If one of your favorite bands released four albums in a year, would you buy them? This may be the best way to promote Justin Small‘s new subscription series: a track a week, a dollar a week, for one year. For fans of Do Make Say Think, it’s a no-brainer. One can hear the relation to the larger band in these tracks, but they also stretch in new directions, a response to those who have yearned to hear the Canadians stretch their wings. In this case, an old dog (or in this case, a middle-aged dog) can learn new tricks. This is a bold move – not without its kinks, but bold nonetheless – and we’re banking on its eventual success.
At first, it’s just a drumbeat, a heartbeat, an introduction to the artist and the project. But then the guitars enter, and “Slow Motion Hearts” earns its title. This is the languid, lovely sort of music we’ve come to expect from Small, yet more personal than the main project, a nod to the early, early years. One can picture the wheat shifting on the prairie. A backwards-masking moment leads to a soft acoustic breakdown, then a thicker electric segment like a distant dust storm. The first big questions have been answered: Will Small be playing only one instrument, and will this sound like a solo album? The emphatic answer is no: his opening piece is warm, full and impeccably mastered.
“The Warm Storm” is announced with a light surge of feedback before tumbling into a wobbling, tape-enhanced cross between post-rock ambience and hauntology. The subdued drums are the series’ first surprise; this is unlike anything we’ve come to expect. The glockenspiel tones are as sharp as the initial percussion is dull, creating a fine contrast. Another question has just been answered: Will Small pave his own way? The answer is yes.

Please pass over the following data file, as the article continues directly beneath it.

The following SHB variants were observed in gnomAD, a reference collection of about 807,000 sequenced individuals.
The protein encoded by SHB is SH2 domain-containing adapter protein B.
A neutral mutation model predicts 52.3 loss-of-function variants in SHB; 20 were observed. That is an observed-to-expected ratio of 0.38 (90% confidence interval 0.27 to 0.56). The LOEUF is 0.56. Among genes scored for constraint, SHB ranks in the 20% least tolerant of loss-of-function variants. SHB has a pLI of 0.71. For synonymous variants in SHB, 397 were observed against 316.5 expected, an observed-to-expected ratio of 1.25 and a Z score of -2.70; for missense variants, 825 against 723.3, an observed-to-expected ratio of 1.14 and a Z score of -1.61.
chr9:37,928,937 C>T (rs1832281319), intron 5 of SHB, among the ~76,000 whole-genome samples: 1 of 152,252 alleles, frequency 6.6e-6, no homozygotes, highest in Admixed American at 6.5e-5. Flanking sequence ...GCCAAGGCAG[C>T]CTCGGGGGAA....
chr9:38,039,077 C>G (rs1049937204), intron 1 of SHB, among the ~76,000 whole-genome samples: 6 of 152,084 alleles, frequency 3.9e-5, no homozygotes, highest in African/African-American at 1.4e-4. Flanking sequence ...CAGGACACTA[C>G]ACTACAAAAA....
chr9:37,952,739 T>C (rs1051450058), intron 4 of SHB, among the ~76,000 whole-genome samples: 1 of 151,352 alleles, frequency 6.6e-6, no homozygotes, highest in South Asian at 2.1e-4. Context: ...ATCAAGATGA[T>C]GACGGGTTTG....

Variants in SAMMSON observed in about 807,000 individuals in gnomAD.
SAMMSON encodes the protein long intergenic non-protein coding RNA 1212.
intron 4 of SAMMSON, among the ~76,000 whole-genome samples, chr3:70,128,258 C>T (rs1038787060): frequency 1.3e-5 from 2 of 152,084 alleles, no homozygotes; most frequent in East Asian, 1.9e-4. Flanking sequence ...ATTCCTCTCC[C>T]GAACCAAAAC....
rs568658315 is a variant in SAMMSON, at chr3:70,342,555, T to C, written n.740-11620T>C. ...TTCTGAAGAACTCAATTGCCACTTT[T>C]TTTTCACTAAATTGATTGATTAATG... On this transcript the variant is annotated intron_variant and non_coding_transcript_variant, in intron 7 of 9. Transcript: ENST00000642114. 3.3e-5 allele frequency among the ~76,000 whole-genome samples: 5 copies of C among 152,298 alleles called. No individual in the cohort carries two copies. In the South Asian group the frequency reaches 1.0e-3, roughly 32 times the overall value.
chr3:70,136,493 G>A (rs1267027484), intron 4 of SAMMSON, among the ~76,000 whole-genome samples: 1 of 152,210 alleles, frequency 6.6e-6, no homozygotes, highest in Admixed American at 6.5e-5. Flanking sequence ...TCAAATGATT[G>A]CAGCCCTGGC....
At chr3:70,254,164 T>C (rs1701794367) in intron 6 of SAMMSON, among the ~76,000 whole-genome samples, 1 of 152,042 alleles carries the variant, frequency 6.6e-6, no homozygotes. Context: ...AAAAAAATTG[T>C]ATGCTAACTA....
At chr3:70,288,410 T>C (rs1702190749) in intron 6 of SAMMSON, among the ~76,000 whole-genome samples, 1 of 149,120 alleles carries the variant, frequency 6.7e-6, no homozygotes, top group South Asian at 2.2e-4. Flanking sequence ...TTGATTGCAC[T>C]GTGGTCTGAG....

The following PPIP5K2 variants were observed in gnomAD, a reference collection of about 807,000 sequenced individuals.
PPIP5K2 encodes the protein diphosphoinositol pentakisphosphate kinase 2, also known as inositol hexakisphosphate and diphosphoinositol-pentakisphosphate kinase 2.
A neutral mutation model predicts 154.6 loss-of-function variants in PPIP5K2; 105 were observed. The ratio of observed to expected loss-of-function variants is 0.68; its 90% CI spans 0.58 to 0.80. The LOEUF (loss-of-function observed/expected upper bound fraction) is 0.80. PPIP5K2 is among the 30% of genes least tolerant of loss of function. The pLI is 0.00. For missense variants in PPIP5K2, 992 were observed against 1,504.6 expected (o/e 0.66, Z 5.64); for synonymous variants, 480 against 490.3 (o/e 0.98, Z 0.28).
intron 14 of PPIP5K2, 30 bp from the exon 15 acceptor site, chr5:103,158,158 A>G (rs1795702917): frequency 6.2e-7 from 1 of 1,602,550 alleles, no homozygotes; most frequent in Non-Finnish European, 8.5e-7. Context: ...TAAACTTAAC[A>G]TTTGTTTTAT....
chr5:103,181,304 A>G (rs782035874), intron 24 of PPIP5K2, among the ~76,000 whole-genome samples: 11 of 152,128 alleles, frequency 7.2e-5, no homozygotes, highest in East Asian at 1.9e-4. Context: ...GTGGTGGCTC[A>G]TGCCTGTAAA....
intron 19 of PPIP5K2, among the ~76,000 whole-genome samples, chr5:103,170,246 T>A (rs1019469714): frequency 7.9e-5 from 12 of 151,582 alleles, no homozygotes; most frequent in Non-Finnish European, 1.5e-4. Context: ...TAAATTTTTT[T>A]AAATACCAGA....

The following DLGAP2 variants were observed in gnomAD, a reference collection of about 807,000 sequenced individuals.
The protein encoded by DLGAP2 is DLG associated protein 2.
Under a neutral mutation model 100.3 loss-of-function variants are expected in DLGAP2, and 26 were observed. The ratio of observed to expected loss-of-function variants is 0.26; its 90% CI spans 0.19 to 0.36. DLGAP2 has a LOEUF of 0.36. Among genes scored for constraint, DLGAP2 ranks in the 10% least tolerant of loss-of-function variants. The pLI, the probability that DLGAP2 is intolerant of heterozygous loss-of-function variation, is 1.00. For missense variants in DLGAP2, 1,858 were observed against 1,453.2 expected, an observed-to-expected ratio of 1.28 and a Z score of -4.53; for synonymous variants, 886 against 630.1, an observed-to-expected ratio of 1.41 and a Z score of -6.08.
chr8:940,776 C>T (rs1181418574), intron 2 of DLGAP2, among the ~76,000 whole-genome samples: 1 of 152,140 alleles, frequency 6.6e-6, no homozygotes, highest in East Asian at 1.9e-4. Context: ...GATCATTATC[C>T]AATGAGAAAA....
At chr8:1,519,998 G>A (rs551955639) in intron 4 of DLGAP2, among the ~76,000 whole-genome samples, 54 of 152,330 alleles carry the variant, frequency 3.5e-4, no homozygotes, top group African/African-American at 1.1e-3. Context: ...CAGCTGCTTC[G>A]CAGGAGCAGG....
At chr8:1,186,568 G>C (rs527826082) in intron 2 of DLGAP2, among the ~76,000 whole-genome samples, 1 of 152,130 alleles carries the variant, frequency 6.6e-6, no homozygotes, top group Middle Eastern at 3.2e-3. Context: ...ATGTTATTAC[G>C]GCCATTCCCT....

“Just Passing Through” does exactly what it says. A breezy acoustic number with light enhanced vox, the piece drops by for a glass of lemonade and some pleasant conversation en route to its next stop. This is followed by the sweet sounds of “Waltzing Wife”, Small’s loving tribute to his soulmate. It’s hard to resist this sort of thing, love translated into art. The second half of the track bursts into bloom like the fullness of summer. With this soft transition June ends, paving the way for warmer days.
Veteran artists face numerous challenges in the new era. The old promotion engines are gone, and word-of-mouth is hard to generate. So when an artist wants to try something ambitious, the quickest method is to self-release. In so doing, an artist controls the vision, the rights, the timing and most of the proceeds. This leaves only three major barriers: the quality (in this case, high), user-friendliness (getting there) and promotion (slowly gaining steam). The initial rollout had some problems, but for the most part, they’ve been corrected. Here’s where the project stands now:
1. Subscribe for $1/week and receive one track a week; the options are as reasonable as a one-week subscription.
2. Wait until the end of each quarter (in this case, September 1) and buy the tracks one season at a time on Bandcamp.
3. Wait a year and purchase a box set (possibly vinyl) whose details are yet to be determined; first shot will likely go to subscribers.
How patient are you? Did you pass the marshmallow test? Our current recommendation is simple. Check out the samples below. If you like them, choose Option 1. If you’re not sure, choose Option 2. Those who enter at the ground level will be part of a grand experiment; being part of the project as it unfolds means participating in the excitement. We’ll check back in September and remind you when the first season is available, but if you can’t wait, join today! (Richard Allen)